Don


Congrats, Don! My last day is in two weeks, I'm right there with you! Judging from what you wrote, you and I have probably both overplanned this, so I think we will be fine :) I was told the first thing to get used to is to slow down ... way down. Good luck!

dadoc
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I am sure that those will go away after I make the transition from saving to spending for a few years.

Don. Congratulations on your planned retirement. I don't know about others but I make more now than I ever did during my working life. In my case the transition from saving to spending was significant. After spending years of saving 20% of my earnings it's a huge boost not to have to do it any longer. In addition RMD's might be a pain to some but to me it's nice to have some money in the pocket, in the check book, in the savings account, in the brokerage account, etc.

Anyway I wish you the best and I'm sure your plan will work out and you can enjoy your retirement.

Regards,

ImAGolfer (retired '03)
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Sorry, but bills introduced by congresscritters of the affected state do not constitute "Congress working on a solution". Congresscritters all the time introduce bills that go nowhere.

And yet, some bills do end up becoming law. From one of our local Seattle news stations https://www.msn.com/en-us/travel/news/biden-signs-bill-that-...

Big news for our region’s cruise industry: President Biden signed the Alaska Tourism Restoration Act on Monday, which lifts a requirement that foreign registered ships traveling between the mainland United States and Alaska must stop in a foreign port.
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She predicts the Port of Seattle will see about 80 cruise ships for a shortened 2021 season, perhaps brining(sic) in a quarter of what the industry generates in our region during a typical year.


I guess they were so excited to publish the story that they only used spell check, and didn't actually read what was written. Or maybe they think that the tourists are going to be preserved? 😉

Holland America will start their cruises July 24 https://www.hollandamerica.com/en_US/cruise-destinations/ala...

Royal Caribbean will start July 19 https://www.royalcaribbean.com/cruises/?country=USA&date...

I look forward to watching the cruise ship parade go past my house again.

AJ
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Holland America will start their cruises July 24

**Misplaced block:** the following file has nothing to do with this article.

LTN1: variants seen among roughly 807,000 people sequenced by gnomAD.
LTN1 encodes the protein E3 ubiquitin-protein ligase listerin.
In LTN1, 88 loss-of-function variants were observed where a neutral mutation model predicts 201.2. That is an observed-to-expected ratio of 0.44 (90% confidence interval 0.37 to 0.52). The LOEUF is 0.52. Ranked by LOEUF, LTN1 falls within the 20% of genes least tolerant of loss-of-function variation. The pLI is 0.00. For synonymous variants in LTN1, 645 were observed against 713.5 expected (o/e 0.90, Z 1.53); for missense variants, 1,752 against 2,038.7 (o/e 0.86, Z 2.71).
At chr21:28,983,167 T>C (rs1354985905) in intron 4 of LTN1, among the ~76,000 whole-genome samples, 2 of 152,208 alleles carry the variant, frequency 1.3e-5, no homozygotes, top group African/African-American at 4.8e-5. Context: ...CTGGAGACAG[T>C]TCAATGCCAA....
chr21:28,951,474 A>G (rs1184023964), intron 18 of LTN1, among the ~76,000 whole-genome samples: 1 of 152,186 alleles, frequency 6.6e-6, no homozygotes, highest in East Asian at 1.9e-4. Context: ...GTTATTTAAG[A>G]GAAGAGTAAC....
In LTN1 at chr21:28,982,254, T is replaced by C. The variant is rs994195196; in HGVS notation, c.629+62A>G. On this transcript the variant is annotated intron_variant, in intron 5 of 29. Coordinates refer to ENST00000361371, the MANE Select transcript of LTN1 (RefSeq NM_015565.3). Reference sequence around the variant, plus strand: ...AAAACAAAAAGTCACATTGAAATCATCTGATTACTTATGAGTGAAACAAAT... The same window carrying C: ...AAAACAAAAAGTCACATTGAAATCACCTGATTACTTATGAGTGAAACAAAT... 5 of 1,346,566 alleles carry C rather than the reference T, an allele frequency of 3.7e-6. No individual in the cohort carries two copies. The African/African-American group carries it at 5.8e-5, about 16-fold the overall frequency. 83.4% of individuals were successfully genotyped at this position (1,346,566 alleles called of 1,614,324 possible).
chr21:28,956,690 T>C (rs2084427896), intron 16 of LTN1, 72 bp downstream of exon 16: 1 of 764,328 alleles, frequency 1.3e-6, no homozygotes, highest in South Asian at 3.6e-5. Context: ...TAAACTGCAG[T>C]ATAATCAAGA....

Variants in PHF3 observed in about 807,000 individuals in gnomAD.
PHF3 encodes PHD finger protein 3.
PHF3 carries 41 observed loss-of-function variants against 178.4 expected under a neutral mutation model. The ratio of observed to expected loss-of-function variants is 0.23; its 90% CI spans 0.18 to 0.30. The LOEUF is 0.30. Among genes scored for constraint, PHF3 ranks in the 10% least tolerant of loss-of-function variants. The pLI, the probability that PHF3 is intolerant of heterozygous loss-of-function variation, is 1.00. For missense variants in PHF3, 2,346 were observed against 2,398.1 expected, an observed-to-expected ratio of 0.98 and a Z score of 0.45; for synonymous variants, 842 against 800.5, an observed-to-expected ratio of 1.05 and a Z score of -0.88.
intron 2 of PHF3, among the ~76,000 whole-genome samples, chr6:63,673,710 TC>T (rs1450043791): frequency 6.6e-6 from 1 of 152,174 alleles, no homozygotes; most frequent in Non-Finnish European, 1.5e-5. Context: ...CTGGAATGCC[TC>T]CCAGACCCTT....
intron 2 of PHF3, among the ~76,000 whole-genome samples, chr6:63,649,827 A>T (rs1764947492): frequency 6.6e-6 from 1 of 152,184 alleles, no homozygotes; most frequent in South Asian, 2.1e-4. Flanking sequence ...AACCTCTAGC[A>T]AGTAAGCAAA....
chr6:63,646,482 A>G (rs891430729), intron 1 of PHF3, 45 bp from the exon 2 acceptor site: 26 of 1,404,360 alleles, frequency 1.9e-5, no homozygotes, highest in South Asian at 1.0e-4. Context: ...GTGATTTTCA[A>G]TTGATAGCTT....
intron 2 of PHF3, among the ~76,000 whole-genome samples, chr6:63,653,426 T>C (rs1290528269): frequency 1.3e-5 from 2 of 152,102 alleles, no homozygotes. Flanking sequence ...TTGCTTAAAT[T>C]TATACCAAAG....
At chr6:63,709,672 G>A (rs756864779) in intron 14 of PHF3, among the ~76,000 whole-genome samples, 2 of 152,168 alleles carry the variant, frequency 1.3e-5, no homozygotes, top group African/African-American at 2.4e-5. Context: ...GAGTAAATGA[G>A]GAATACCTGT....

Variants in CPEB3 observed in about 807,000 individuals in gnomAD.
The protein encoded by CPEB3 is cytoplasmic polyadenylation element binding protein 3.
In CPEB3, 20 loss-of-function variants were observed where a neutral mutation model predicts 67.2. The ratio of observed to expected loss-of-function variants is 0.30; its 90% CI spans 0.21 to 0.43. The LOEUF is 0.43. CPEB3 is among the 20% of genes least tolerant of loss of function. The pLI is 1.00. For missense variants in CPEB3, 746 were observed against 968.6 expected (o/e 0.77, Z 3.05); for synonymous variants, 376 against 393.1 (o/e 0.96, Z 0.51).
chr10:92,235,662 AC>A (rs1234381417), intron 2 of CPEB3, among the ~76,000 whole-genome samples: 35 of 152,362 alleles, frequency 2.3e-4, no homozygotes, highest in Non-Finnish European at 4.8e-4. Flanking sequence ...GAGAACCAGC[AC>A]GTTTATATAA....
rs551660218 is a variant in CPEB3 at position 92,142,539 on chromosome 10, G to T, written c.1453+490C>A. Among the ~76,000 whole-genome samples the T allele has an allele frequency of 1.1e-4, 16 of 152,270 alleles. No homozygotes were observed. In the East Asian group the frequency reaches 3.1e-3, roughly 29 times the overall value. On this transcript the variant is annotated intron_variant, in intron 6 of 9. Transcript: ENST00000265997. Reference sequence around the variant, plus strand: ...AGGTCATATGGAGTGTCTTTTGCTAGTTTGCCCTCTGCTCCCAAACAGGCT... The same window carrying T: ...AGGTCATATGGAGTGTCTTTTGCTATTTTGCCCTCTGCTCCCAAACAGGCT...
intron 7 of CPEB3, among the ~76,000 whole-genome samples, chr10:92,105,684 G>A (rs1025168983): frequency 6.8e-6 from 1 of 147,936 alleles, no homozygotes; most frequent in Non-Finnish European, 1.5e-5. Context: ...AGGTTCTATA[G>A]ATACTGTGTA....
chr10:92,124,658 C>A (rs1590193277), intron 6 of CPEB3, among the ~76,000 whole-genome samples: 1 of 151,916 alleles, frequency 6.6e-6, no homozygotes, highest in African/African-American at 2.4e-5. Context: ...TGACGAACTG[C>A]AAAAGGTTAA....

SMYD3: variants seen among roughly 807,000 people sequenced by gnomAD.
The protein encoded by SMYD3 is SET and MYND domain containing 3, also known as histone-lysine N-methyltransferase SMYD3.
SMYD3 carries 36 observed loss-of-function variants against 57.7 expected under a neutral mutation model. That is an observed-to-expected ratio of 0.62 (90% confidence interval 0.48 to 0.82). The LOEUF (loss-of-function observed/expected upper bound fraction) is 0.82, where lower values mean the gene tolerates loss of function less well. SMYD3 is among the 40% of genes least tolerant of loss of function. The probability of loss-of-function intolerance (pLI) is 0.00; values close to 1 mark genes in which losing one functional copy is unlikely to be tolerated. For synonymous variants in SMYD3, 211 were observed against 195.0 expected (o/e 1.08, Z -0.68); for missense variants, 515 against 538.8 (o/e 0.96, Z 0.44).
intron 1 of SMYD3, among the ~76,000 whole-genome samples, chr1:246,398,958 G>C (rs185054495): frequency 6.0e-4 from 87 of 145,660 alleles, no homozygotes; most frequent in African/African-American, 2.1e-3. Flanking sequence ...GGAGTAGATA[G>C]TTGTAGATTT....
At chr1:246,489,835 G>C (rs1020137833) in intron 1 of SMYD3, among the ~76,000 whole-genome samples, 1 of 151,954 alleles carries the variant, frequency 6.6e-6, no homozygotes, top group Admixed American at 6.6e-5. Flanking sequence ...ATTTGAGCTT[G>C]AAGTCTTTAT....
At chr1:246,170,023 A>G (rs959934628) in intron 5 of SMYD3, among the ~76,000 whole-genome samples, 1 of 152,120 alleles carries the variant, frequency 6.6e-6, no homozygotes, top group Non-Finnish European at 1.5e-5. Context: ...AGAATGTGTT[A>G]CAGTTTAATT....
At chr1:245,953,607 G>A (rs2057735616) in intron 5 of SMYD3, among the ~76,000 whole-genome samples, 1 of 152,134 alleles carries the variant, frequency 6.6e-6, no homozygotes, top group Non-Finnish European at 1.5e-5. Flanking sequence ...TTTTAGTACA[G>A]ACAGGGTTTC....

Royal Caribbean will start July 19


The Alaska cruise season ends the first week of September. This season will be only 6 weeks long. Most of the workers at the ports go there for the entire May-to-September season, basically the summer session of college. I suspect that most of them won't want to go there for just a few weeks.

Better than a poke in the eye with a sharp stick, though, for people who really really want to go to Alaska this year.

FWIW, our first Alaska cruise was the first week of September, the ship was repositioning to Hawaii after that. (Our tablemates were staying on for the repositioning (cheap, cheap, cheap) and the next Hawaii cruise.)
The weather was lousy. Cold and rainy. The seasonal workers (mostly college students) seemed to life in tent cities off the main tourist streets. They were all packing up to leave.
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FWIW, our first Alaska cruise was the first week of September, the ship was repositioning to Hawaii after that. (Our tablemates were staying on for the repositioning (cheap, cheap, cheap) and the next Hawaii cruise.)
The weather was lousy. Cold and rainy. The seasonal workers (mostly college students) seemed to life in tent cities off the main tourist streets. They were all packing up to leave.

</snip>


The weather is getting warmer in Alaska.

Back in 2010, I did the first cruise of the season in May when there was still a lot of snow piled up on the streets in Anchorage, but the state was in the middle of a heat wave with temps in the 80's and low 90's.

We saw several giant icebergs calve off the Hubbard glacier (basically watching a 20-story building collapse and fall into the bay.) Captain said it was the most active he'd ever seen it.

Better go quick before it all melts away.

intercst
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The Alaska cruise season ends the first week of September.

Not anymore. When I first moved here, the ships stopped going by my house shortly after Labor Day. Every few years, they've been adding another week. This year, Holland America's last cruise ends on Oct 2.

Better than a poke in the eye with a sharp stick, though, for people who really really want to go to Alaska this year.

Well, there seems to be a lot of pent up demand to go someplace.

AJ